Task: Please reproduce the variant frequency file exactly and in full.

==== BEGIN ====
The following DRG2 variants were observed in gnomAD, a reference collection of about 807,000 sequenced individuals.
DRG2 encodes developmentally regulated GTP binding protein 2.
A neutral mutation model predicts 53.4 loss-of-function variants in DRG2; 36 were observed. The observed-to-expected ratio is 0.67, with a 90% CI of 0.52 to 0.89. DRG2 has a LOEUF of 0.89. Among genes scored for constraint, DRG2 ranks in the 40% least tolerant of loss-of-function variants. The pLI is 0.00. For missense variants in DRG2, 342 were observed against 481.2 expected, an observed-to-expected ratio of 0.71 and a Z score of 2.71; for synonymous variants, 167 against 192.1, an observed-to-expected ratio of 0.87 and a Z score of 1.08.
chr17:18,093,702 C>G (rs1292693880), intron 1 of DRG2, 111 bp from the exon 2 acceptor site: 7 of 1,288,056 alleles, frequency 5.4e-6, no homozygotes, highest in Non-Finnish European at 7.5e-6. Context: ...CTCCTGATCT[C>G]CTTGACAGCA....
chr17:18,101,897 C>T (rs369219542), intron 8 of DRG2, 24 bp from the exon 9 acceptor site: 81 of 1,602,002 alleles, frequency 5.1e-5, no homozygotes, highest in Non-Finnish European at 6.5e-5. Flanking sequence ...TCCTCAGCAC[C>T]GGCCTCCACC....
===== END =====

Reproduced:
The following DRG2 variants were observed in gnomAD, a reference collection of about 807,000 sequenced individuals.
DRG2 encodes developmentally regulated GTP binding protein 2.
A neutral mutation model predicts 53.4 loss-of-function variants in DRG2; 36 were observed. The observed-to-expected ratio is 0.67, with a 90% CI of 0.52 to 0.89. DRG2 has a LOEUF of 0.89. Among genes scored for constraint, DRG2 ranks in the 40% least tolerant of loss-of-function variants. The pLI is 0.00. For missense variants in DRG2, 342 were observed against 481.2 expected, an observed-to-expected ratio of 0.71 and a Z score of 2.71; for synonymous variants, 167 against 192.1, an observed-to-expected ratio of 0.87 and a Z score of 1.08.
chr17:18,093,702 C>G (rs1292693880), intron 1 of DRG2, 111 bp from the exon 2 acceptor site: 7 of 1,288,056 alleles, frequency 5.4e-6, no homozygotes, highest in Non-Finnish European at 7.5e-6. Context: ...CTCCTGATCT[C>G]CTTGACAGCA....
chr17:18,101,897 C>T (rs369219542), intron 8 of DRG2, 24 bp from the exon 9 acceptor site: 81 of 1,602,002 alleles, frequency 5.1e-5, no homozygotes, highest in Non-Finnish European at 6.5e-5. Flanking sequence ...TCCTCAGCAC[C>T]GGCCTCCACC....